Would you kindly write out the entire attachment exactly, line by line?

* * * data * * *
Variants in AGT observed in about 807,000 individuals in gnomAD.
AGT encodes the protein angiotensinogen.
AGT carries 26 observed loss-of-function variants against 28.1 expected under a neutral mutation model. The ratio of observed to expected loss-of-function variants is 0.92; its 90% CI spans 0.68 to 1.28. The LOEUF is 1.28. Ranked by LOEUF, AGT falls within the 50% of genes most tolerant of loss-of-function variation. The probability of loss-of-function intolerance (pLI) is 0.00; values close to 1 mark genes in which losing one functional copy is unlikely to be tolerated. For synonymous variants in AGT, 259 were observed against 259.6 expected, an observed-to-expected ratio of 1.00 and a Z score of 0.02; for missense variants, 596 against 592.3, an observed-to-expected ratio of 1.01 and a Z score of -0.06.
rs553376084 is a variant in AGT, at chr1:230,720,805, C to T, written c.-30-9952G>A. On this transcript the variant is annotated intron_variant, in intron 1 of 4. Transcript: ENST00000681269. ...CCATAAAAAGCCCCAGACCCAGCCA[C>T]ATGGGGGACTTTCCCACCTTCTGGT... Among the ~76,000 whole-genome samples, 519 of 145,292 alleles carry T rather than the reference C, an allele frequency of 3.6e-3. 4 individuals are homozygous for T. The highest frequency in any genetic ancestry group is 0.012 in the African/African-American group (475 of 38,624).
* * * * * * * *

Variants in AGT observed in about 807,000 individuals in gnomAD.
AGT encodes the protein angiotensinogen.
AGT carries 26 observed loss-of-function variants against 28.1 expected under a neutral mutation model. The ratio of observed to expected loss-of-function variants is 0.92; its 90% CI spans 0.68 to 1.28. The LOEUF is 1.28. Ranked by LOEUF, AGT falls within the 50% of genes most tolerant of loss-of-function variation. The probability of loss-of-function intolerance (pLI) is 0.00; values close to 1 mark genes in which losing one functional copy is unlikely to be tolerated. For synonymous variants in AGT, 259 were observed against 259.6 expected, an observed-to-expected ratio of 1.00 and a Z score of 0.02; for missense variants, 596 against 592.3, an observed-to-expected ratio of 1.01 and a Z score of -0.06.
rs553376084 is a variant in AGT, at chr1:230,720,805, C to T, written c.-30-9952G>A. On this transcript the variant is annotated intron_variant, in intron 1 of 4. Transcript: ENST00000681269. ...CCATAAAAAGCCCCAGACCCAGCCA[C>T]ATGGGGGACTTTCCCACCTTCTGGT... Among the ~76,000 whole-genome samples, 519 of 145,292 alleles carry T rather than the reference C, an allele frequency of 3.6e-3. 4 individuals are homozygous for T. The highest frequency in any genetic ancestry group is 0.012 in the African/African-American group (475 of 38,624).